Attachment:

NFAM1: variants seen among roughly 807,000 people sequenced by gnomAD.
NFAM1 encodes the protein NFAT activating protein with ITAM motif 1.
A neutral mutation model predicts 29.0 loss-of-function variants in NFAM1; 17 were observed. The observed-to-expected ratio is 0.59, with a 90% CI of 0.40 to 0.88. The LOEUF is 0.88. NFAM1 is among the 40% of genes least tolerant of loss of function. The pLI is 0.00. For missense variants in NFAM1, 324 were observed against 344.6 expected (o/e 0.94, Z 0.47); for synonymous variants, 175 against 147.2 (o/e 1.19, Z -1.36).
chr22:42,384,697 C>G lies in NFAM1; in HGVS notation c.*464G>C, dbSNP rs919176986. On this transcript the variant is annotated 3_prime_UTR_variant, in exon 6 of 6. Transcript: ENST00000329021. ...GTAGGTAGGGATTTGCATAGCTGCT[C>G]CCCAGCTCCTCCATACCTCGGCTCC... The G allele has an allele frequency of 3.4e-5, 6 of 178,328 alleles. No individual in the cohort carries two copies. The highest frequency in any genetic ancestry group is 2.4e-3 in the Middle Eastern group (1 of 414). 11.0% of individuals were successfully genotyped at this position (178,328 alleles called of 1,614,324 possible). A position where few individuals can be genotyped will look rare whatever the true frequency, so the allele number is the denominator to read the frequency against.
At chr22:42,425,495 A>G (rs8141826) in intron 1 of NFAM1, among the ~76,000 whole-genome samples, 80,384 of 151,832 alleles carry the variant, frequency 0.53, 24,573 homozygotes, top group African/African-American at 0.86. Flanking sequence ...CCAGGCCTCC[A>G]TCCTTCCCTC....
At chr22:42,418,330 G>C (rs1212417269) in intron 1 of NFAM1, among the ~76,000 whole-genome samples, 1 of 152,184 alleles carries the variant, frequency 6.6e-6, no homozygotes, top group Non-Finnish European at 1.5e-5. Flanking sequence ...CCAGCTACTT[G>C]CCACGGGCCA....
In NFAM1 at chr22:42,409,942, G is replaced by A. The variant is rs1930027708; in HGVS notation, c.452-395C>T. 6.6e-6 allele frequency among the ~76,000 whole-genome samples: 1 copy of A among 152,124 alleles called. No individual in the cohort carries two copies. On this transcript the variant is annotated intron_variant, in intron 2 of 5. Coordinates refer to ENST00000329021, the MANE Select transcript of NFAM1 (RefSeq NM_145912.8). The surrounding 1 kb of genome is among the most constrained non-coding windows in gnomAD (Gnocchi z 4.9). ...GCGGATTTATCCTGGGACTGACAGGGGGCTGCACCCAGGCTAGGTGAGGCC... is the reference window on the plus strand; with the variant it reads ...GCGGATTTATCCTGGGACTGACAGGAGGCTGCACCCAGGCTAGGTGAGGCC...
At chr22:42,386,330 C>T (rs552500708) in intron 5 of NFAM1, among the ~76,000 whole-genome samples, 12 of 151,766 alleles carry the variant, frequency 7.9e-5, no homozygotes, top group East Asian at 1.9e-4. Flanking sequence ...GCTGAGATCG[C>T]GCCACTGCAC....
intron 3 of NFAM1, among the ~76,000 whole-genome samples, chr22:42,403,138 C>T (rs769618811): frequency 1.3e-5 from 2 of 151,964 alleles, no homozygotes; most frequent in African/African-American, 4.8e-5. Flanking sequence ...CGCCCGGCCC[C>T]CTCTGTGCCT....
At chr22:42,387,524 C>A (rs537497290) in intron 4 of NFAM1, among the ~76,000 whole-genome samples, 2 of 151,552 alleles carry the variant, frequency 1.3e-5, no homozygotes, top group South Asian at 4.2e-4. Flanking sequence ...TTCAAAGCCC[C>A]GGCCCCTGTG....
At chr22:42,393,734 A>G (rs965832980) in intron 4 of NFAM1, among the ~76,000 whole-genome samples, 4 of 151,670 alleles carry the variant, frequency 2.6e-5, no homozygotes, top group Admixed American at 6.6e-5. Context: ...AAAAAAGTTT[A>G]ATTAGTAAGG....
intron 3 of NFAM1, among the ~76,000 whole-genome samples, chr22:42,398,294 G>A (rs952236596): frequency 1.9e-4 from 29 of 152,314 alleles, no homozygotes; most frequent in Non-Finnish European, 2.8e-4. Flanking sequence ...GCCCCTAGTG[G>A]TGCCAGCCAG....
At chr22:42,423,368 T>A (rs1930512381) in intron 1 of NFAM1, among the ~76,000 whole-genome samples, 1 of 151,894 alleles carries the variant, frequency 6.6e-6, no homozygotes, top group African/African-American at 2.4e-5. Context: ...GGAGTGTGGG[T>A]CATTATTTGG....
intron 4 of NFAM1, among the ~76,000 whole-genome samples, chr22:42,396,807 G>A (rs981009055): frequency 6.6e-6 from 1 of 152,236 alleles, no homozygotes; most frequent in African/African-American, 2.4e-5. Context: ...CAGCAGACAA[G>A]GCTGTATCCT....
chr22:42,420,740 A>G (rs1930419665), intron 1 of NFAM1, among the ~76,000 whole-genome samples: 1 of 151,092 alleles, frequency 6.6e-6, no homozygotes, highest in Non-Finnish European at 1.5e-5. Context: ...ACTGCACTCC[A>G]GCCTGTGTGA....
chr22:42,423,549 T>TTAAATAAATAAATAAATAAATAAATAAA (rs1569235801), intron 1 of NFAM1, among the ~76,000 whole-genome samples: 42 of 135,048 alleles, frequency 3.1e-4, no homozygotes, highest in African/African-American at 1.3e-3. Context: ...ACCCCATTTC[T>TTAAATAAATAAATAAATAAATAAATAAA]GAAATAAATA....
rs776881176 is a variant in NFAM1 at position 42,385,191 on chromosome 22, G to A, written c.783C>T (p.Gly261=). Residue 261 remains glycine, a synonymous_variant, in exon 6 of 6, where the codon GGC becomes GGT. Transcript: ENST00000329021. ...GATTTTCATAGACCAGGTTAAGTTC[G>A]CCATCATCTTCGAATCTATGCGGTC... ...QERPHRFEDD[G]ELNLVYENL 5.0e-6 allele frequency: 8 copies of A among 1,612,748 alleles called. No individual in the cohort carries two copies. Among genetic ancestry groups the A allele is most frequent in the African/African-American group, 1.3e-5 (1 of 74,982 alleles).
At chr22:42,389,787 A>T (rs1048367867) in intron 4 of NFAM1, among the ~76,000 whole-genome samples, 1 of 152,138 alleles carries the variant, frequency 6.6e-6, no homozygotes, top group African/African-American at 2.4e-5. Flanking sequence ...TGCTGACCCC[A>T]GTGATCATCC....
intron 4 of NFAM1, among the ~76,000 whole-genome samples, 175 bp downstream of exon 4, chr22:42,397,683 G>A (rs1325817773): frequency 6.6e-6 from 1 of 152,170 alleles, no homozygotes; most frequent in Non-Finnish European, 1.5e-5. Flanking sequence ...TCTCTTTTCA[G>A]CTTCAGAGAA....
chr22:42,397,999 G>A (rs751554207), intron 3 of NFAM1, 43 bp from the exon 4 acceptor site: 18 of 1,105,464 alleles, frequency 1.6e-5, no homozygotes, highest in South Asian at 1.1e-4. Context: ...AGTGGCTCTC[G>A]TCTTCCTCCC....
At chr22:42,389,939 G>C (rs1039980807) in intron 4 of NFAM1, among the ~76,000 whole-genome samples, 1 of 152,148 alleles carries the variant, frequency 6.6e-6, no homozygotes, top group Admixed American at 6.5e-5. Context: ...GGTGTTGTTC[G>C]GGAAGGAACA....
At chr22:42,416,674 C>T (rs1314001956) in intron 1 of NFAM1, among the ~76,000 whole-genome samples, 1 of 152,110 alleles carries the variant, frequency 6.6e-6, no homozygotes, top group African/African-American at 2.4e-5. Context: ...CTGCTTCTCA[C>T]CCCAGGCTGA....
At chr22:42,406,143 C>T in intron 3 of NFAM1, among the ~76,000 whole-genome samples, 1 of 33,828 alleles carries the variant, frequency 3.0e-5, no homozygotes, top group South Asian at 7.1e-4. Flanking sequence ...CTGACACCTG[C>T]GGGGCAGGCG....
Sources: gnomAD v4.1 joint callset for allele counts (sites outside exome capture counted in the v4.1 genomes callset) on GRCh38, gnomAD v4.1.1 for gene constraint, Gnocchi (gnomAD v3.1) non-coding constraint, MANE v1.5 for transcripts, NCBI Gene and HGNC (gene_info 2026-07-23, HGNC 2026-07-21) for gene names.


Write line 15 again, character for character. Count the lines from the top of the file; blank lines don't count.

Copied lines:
chr22:42,420,740 A>G (rs1930419665), intron 1 of NFAM1, among the ~76,000 whole-genome samples: 1 of 151,092 alleles, frequency 6.6e-6, no homozygotes, highest in Non-Finnish European at 1.5e-5. Context: ...ACTGCACTCC[A>G]GCCTGTGTGA....